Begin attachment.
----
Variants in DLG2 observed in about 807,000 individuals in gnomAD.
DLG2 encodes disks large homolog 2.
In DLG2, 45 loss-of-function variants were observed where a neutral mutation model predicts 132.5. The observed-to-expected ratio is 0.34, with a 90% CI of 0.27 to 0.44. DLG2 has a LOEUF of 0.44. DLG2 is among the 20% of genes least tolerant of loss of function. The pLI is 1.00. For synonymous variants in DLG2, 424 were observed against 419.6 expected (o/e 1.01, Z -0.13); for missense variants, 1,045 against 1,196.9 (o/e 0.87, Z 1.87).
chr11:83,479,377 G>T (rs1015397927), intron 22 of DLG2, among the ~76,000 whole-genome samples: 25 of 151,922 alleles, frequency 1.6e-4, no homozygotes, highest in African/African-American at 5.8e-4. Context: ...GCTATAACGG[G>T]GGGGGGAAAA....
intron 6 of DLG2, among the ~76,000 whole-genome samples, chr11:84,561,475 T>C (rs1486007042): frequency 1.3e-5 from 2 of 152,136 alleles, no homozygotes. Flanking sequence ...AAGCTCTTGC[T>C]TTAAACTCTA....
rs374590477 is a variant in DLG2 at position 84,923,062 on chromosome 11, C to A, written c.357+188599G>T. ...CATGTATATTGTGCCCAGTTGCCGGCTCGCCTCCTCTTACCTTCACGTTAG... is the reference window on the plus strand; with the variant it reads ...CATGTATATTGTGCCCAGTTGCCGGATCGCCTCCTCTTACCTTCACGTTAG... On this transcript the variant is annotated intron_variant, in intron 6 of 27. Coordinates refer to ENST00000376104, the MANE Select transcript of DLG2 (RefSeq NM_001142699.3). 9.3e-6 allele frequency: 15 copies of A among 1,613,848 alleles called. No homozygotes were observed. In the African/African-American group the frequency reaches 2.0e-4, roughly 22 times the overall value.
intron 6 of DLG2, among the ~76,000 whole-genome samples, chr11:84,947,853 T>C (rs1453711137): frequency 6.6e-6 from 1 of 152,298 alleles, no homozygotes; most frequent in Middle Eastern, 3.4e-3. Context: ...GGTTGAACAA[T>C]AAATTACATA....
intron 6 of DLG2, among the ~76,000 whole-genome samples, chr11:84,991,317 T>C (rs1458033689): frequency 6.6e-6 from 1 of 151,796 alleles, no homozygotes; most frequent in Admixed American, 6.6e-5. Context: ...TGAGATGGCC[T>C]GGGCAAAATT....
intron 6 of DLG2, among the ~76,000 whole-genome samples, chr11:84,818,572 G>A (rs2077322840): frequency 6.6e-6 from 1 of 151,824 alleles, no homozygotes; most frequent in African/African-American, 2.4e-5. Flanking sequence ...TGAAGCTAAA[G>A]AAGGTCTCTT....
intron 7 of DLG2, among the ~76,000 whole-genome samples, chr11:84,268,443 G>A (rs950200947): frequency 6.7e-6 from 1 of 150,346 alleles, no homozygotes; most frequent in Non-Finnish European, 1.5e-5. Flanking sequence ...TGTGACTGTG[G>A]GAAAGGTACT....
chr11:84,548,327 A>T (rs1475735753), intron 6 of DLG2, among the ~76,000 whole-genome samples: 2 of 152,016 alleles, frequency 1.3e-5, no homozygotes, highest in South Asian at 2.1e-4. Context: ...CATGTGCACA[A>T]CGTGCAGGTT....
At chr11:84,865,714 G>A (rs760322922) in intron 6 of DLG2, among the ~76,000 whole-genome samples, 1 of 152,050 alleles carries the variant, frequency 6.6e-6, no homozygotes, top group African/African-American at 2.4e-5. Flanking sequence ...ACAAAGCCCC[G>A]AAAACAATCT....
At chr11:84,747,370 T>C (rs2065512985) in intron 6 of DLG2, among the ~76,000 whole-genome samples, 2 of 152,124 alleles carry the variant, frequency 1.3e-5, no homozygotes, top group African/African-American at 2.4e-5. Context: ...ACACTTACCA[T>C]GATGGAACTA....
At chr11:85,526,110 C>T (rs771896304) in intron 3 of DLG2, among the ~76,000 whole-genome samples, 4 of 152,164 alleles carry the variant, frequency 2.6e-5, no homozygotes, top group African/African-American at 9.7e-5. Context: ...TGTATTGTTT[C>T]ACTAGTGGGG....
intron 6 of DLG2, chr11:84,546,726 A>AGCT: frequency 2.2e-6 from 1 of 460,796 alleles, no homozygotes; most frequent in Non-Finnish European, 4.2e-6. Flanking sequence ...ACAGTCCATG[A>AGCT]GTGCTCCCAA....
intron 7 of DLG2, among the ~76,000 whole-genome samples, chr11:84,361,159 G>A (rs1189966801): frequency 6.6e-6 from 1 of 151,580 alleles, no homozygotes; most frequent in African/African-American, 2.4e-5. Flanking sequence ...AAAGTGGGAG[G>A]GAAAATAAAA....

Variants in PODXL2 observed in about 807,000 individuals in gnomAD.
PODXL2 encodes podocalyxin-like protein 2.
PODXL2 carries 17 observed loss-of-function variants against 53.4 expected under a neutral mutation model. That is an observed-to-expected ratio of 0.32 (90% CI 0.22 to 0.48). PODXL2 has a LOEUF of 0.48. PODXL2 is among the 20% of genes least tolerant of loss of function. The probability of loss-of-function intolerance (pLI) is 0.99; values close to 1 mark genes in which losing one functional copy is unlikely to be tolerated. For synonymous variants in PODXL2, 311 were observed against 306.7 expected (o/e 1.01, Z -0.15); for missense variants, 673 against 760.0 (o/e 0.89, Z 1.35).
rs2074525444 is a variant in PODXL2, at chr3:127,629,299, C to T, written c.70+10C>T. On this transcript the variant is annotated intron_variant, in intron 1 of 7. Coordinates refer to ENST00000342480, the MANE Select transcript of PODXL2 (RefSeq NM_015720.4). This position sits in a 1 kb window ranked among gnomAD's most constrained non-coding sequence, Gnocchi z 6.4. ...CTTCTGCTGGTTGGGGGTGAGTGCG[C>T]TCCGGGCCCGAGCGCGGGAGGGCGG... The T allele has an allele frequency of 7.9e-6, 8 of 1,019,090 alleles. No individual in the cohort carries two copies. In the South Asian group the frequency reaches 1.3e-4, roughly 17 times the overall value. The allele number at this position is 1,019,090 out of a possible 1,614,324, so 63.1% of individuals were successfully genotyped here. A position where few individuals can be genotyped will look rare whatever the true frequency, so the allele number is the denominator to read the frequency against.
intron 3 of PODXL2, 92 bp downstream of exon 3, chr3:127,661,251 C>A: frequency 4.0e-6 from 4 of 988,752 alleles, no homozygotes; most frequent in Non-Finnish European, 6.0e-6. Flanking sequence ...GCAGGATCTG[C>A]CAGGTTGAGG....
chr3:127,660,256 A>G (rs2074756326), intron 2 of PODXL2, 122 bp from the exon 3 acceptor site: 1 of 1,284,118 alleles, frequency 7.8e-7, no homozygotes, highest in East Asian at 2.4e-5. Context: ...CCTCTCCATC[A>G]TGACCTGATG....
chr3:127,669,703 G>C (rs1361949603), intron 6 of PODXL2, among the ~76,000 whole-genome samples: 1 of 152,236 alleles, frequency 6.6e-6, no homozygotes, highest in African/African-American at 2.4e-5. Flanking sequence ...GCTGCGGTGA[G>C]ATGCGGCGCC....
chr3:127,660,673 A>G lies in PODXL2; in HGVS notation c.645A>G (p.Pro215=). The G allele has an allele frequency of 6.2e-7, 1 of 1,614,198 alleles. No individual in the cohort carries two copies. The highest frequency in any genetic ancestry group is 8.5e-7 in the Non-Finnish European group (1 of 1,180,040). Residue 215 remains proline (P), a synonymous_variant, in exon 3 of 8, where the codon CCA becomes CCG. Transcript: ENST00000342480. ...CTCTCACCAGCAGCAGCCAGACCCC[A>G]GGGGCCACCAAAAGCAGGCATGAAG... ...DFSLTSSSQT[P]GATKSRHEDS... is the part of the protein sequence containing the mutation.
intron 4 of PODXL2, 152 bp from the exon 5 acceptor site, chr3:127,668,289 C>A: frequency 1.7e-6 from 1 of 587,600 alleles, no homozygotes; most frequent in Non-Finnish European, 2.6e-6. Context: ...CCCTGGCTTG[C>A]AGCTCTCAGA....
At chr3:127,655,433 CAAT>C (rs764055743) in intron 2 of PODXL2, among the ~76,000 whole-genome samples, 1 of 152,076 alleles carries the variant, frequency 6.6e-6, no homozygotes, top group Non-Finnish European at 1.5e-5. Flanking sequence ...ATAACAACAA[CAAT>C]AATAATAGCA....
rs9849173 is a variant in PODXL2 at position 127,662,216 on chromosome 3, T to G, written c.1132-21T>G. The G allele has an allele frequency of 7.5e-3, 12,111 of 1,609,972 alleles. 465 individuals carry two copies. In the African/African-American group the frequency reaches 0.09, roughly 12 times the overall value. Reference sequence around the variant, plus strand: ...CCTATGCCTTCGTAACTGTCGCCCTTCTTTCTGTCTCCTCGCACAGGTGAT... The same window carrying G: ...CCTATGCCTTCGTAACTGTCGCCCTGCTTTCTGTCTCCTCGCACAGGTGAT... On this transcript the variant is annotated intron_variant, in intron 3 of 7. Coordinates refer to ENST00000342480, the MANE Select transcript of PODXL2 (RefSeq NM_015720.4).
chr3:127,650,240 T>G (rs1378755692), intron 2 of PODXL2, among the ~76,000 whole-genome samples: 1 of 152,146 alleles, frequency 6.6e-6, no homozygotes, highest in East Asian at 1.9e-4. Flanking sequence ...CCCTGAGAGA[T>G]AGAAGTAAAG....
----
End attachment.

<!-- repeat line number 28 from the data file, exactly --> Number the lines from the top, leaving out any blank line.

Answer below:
chr3:127,650,240 T>G (rs1378755692), intron 2 of PODXL2, among the ~76,000 whole-genome samples: 1 of 152,146 alleles, frequency 6.6e-6, no homozygotes, highest in East Asian at 1.9e-4. Flanking sequence ...CCCTGAGAGA[T>G]AGAAGTAAAG....